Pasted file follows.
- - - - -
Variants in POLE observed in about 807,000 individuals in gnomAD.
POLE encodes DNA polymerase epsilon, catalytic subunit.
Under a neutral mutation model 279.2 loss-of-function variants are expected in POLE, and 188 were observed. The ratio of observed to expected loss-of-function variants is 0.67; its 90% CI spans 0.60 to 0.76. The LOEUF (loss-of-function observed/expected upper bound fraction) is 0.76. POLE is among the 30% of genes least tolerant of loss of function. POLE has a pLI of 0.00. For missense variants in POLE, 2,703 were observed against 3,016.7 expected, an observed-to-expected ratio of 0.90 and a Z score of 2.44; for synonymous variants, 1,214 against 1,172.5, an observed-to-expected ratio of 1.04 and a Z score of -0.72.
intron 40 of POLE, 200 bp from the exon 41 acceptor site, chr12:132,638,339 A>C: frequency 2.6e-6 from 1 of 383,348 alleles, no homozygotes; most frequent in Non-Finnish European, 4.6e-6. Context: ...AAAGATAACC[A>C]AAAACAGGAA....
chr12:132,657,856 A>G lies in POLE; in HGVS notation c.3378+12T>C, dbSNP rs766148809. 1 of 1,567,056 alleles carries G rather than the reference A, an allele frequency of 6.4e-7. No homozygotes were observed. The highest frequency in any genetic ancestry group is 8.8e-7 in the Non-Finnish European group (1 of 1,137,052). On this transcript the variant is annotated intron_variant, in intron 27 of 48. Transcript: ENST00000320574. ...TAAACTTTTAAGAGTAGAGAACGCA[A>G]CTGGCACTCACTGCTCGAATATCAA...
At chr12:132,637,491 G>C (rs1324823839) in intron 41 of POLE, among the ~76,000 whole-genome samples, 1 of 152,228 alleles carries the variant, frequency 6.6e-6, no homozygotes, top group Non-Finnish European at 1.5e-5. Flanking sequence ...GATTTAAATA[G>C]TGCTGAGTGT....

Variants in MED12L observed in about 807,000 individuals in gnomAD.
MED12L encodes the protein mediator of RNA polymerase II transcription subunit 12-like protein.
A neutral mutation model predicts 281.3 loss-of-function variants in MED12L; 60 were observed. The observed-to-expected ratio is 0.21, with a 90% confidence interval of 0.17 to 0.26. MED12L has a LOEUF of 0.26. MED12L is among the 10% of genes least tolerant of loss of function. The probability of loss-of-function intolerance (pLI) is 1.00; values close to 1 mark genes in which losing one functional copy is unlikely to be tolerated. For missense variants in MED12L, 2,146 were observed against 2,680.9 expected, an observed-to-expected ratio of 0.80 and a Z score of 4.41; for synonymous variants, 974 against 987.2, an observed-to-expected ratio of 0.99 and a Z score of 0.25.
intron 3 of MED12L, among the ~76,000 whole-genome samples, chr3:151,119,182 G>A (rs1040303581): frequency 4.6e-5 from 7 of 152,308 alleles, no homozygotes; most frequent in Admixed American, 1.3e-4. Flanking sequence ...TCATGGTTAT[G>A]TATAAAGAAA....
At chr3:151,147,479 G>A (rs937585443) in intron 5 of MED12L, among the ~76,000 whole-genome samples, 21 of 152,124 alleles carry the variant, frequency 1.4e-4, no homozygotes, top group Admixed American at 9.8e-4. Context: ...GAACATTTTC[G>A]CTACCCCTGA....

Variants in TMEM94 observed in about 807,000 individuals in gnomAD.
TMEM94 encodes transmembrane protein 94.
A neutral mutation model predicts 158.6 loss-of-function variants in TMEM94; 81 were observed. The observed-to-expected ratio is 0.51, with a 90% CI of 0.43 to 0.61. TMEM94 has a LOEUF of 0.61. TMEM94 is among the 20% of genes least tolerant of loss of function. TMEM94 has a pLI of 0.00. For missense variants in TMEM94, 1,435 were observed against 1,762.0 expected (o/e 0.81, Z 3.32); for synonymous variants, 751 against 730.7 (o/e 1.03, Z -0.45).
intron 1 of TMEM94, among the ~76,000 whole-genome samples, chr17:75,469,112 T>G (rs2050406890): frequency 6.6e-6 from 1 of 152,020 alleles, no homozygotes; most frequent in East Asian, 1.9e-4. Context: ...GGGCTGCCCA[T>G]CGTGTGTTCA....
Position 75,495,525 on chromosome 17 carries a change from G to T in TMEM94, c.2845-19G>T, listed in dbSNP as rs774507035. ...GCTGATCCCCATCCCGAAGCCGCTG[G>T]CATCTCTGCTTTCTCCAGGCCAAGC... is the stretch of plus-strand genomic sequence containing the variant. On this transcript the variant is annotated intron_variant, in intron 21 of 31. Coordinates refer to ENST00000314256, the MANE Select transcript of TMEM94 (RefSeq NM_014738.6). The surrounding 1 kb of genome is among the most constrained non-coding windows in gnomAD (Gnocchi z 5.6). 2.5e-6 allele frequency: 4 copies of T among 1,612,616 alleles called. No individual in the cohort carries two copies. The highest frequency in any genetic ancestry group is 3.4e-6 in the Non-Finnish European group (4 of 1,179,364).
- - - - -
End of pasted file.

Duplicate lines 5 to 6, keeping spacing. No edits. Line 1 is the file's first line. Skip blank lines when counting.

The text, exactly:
chr12:132,657,856 A>G lies in POLE; in HGVS notation c.3378+12T>C, dbSNP rs766148809. 1 of 1,567,056 alleles carries G rather than the reference A, an allele frequency of 6.4e-7. No homozygotes were observed. The highest frequency in any genetic ancestry group is 8.8e-7 in the Non-Finnish European group (1 of 1,137,052). On this transcript the variant is annotated intron_variant, in intron 27 of 48. Transcript: ENST00000320574. ...TAAACTTTTAAGAGTAGAGAACGCA[A>G]CTGGCACTCACTGCTCGAATATCAA...
At chr12:132,637,491 G>C (rs1324823839) in intron 41 of POLE, among the ~76,000 whole-genome samples, 1 of 152,228 alleles carries the variant, frequency 6.6e-6, no homozygotes, top group Non-Finnish European at 1.5e-5. Flanking sequence ...GATTTAAATA[G>C]TGCTGAGTGT....